Of course, the paramedic wasn’t carrying a backboard with him, so he improvised, using duct tape to fasten the patient to a lined tailgate from a truck. The shorter length of the tailgate allowed the patient to easily fit across the back seat of the B2, rather than having to switch out the front seat, and he was flown to the Ensenada airport. Unfortunately, the door to the Aeromedevac plane wouldn’t accommodate the width of the tailgate, so the patient was transferred to a regular backboard prior to the flight to San Diego. It would’ve been a sight had this patient arrived in the emergency department of the trauma center strapped to the tailgate of a truck.
Baja Tales #3
Tragedy befell the 2007 Baja 1000 when a helicopter carrying four people crashed after striking some power lines. Two passengers were killed instantly. Luckily, a ground rescue crew was a few hundred yards from the crash and saw the copter go down. They quickly cared for the other two occupants, both of whom were critically injured. The crew had immobilized the patients and started IVs on them by the time helicopters arrived.
One patient was flown with a physician back to Ensenada in the SCORE helicopter while the second was cared for by an off-duty paramedic who had been in a camera helicopter that was filming in the area. That patient was also flown back to Ensenada via helicopter.
Mojave Desert Racing
On Aug. 14, an off-road rally race was just about to get underway. Starting at 7:30 p.m., the California 200 was a 200-mile, off-road rally race in the Lucerne Valley of the Mojave Desert in Southern California. The start/finish line was located approximately 125 miles from Los Angeles (225 miles from Las Vegas) by ground. The race was scheduled to be four 50-mile loops with a 7.5-hour time limit.
The race was part of the Mojave Desert Racing (MDR) series, an off-road racing body that organizes a series of rally-style, off-road races in Southern California. Although organizationally unrelated to SCORE, the vehicles in the races are similar to those that race in the Baja 1000. This race had around 100 entries.
On-site medical support was provided by Symons Event Safety, a regional provider of medical care for large spectator events ranging from concerts, arena sports and races, including NASCAR. One ALS ambulance, staffed by two paramedics, was positioned at the start/finish line. The nearest community hospital was 34 miles from the starting line, or about 45 minutes by ground, and the nearest trauma centers were 30 minutes away by helicopter.
Unique to these off-road races is the lack of barriers along the course. Although spectator instructions had specified that bystanders should stay beyond 100 feet from the course, there was no effective enforcement, and people were able to come within feet of speeding vehicles.
Approximately 10 minutes after the first vehicle left the starting line, a modified Ford Ranger competing in the race hit a popular rise called “The Rock Pile.”
As it hit, the truck appeared to lose control and drifted to the side so that when it landed askew, it quickly rolled off to the side and into spectators along the barrier-less, off-road course.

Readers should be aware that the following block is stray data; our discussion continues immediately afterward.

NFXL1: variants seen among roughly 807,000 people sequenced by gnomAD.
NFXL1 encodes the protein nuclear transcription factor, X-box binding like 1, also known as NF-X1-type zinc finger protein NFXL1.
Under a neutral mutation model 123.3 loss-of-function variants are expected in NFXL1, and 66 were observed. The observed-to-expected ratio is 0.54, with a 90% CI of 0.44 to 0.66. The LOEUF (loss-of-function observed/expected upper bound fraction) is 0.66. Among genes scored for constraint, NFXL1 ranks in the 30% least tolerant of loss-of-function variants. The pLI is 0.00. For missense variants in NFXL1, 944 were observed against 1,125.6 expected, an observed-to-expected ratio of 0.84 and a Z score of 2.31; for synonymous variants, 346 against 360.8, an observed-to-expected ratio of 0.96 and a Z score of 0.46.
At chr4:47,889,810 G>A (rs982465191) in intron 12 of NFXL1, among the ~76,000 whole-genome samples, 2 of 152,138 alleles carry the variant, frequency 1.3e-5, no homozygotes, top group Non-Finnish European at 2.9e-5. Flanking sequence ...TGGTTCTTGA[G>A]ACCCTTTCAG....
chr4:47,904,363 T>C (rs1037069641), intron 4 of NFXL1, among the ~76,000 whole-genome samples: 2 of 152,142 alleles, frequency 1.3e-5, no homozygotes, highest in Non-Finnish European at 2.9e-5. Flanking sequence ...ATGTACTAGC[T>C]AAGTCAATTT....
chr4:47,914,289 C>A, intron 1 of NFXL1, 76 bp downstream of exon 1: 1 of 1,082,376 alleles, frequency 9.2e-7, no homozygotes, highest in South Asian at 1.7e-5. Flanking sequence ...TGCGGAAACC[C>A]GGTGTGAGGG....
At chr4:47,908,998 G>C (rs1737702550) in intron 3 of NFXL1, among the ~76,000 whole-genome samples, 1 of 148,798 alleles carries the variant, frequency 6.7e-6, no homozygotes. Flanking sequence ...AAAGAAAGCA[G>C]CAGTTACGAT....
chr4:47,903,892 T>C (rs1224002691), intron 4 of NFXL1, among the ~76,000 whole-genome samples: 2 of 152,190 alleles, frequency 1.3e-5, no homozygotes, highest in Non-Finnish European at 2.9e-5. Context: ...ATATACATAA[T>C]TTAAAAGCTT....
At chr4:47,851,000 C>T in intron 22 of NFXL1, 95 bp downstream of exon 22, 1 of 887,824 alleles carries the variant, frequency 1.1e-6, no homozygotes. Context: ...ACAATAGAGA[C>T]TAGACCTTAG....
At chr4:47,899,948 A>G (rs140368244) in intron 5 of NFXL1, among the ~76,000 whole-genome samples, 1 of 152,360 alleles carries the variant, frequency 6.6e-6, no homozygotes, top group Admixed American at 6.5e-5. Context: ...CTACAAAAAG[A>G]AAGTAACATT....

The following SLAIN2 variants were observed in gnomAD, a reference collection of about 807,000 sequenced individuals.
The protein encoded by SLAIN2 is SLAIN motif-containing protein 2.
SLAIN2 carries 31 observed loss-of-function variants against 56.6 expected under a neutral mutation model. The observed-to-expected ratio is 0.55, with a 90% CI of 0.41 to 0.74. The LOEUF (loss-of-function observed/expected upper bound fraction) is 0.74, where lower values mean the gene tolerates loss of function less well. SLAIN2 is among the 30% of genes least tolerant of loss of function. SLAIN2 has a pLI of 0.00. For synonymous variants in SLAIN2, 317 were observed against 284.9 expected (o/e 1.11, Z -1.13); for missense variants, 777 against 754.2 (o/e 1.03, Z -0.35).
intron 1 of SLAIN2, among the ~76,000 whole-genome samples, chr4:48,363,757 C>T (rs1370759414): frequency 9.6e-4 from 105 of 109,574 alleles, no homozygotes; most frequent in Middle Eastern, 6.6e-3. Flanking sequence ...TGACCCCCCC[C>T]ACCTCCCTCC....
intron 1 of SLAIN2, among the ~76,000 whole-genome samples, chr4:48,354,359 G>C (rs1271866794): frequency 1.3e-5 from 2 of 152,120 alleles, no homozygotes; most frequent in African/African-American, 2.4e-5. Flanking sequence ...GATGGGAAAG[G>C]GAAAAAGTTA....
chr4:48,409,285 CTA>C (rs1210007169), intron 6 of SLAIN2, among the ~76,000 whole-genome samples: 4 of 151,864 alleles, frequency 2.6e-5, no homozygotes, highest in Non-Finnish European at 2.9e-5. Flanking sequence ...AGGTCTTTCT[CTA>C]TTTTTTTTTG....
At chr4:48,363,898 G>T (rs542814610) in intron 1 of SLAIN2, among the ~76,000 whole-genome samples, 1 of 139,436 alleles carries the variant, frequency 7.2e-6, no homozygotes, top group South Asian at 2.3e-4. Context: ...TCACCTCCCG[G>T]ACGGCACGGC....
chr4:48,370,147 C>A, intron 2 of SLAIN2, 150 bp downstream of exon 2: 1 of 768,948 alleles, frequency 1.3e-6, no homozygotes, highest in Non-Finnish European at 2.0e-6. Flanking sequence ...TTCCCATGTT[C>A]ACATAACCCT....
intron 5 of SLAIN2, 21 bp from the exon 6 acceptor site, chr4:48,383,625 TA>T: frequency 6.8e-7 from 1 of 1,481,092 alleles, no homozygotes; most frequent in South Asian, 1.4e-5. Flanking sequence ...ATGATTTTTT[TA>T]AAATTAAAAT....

The ALS ambulance immediately called for support from nearby ground fire and EMS. The event ambulance arrived on scene about seven minutes after the crash. They found four patients dead on arrival, including one spectator who had been decapitated. They called for 14 medical helicopters and began triaging more than 20 patients.
Paramedics began treating two of the most critically injured patients, who unfortunately died prior to the arrival of any transport units. Off-duty medics watching the race assisted with placing patients on backboards and treating them. This bystander assistance proved to be a help and a hindrance. More patients were able to be treated, but there was no organization. The only ambulance was quickly pillaged of supplies. Ground support arrived about 30 minutes after the initial call.
Helicopters from three states—California, Nevada and Arizona—responded, including a military crew from Fort Irwin. They arrived on scene about 40 minutes after the accident occurred. Ten patients were transported by air to trauma centers. Two of those patients later died from injuries. Other unknown patients self-triaged to hospitals by private vehicle. In total, eight spectators died.
The race took place on Bureau of Land Management (BLM) property, and California Highway Patrol and BLM investigations of the accident continues. Further Mojave Desert Races have currently been suspended pending these investigations.
Safety remains the unquestioned focus of MDR and BLM, as evidenced by the event’s 15-year history. MDR has already begun strict enforcement of speed and distance regulations, as well as prominent designation of safety fencing. BLM will grant permits only to events that can adhere to strict criteria, as well as improving pre-event coordination and on-scene presence.
Logistically, having dual paramedic teams or two mixed EMT-B/paramedic units for the event allows for simultaneous triage and treatment, and initiation of the incident command system (ICS) system with resource allocation. Most importantly, this incident underscores the importance of incorporating MCI training into continuing education programs.
Joshua Bobko, MD, EMT-T, is the current EMS fellow at Loma Linda University Medical Center. He responded to this incident.